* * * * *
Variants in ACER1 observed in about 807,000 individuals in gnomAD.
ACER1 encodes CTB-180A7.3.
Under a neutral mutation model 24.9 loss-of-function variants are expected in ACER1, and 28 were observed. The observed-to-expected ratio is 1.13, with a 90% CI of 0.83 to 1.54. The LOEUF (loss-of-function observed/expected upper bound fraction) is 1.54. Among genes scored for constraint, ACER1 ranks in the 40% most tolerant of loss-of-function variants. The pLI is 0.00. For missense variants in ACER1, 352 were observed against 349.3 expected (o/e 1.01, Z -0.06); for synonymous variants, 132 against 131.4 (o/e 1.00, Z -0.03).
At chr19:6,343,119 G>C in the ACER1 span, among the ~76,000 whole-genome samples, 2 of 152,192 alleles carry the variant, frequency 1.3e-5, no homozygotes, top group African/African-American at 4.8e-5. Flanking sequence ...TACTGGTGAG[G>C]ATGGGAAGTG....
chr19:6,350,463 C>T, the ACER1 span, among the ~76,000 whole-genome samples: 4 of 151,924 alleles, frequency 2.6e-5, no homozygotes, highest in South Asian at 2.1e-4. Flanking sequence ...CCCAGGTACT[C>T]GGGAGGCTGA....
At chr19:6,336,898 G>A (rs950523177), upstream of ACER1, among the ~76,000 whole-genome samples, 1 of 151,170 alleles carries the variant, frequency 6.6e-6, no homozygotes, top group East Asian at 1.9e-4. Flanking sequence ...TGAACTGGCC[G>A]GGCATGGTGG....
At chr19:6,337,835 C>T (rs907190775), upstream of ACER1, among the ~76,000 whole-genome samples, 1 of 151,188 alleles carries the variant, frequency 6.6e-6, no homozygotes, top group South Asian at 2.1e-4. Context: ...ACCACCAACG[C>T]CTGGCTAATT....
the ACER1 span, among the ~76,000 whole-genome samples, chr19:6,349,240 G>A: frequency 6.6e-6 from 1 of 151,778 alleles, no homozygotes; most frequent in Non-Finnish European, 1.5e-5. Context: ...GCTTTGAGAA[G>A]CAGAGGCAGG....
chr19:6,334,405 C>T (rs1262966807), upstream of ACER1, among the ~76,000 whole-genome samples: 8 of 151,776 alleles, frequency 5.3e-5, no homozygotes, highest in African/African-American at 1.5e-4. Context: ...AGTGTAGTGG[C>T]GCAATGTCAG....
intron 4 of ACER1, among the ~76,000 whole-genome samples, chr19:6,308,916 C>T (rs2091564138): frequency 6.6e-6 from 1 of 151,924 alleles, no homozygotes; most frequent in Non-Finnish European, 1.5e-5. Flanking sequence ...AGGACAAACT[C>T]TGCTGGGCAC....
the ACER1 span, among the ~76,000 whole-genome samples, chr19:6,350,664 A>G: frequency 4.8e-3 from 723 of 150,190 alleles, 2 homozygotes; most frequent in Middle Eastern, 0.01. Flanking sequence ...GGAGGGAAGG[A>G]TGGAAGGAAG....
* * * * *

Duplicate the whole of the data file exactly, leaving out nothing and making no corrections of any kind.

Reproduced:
Variants in ACER1 observed in about 807,000 individuals in gnomAD.
ACER1 encodes CTB-180A7.3.
Under a neutral mutation model 24.9 loss-of-function variants are expected in ACER1, and 28 were observed. The observed-to-expected ratio is 1.13, with a 90% CI of 0.83 to 1.54. The LOEUF (loss-of-function observed/expected upper bound fraction) is 1.54. Among genes scored for constraint, ACER1 ranks in the 40% most tolerant of loss-of-function variants. The pLI is 0.00. For missense variants in ACER1, 352 were observed against 349.3 expected (o/e 1.01, Z -0.06); for synonymous variants, 132 against 131.4 (o/e 1.00, Z -0.03).
At chr19:6,343,119 G>C in the ACER1 span, among the ~76,000 whole-genome samples, 2 of 152,192 alleles carry the variant, frequency 1.3e-5, no homozygotes, top group African/African-American at 4.8e-5. Flanking sequence ...TACTGGTGAG[G>C]ATGGGAAGTG....
chr19:6,350,463 C>T, the ACER1 span, among the ~76,000 whole-genome samples: 4 of 151,924 alleles, frequency 2.6e-5, no homozygotes, highest in South Asian at 2.1e-4. Flanking sequence ...CCCAGGTACT[C>T]GGGAGGCTGA....
At chr19:6,336,898 G>A (rs950523177), upstream of ACER1, among the ~76,000 whole-genome samples, 1 of 151,170 alleles carries the variant, frequency 6.6e-6, no homozygotes, top group East Asian at 1.9e-4. Flanking sequence ...TGAACTGGCC[G>A]GGCATGGTGG....
At chr19:6,337,835 C>T (rs907190775), upstream of ACER1, among the ~76,000 whole-genome samples, 1 of 151,188 alleles carries the variant, frequency 6.6e-6, no homozygotes, top group South Asian at 2.1e-4. Context: ...ACCACCAACG[C>T]CTGGCTAATT....
the ACER1 span, among the ~76,000 whole-genome samples, chr19:6,349,240 G>A: frequency 6.6e-6 from 1 of 151,778 alleles, no homozygotes; most frequent in Non-Finnish European, 1.5e-5. Context: ...GCTTTGAGAA[G>A]CAGAGGCAGG....
chr19:6,334,405 C>T (rs1262966807), upstream of ACER1, among the ~76,000 whole-genome samples: 8 of 151,776 alleles, frequency 5.3e-5, no homozygotes, highest in African/African-American at 1.5e-4. Context: ...AGTGTAGTGG[C>T]GCAATGTCAG....
intron 4 of ACER1, among the ~76,000 whole-genome samples, chr19:6,308,916 C>T (rs2091564138): frequency 6.6e-6 from 1 of 151,924 alleles, no homozygotes; most frequent in Non-Finnish European, 1.5e-5. Flanking sequence ...AGGACAAACT[C>T]TGCTGGGCAC....
the ACER1 span, among the ~76,000 whole-genome samples, chr19:6,350,664 A>G: frequency 4.8e-3 from 723 of 150,190 alleles, 2 homozygotes; most frequent in Middle Eastern, 0.01. Flanking sequence ...GGAGGGAAGG[A>G]TGGAAGGAAG....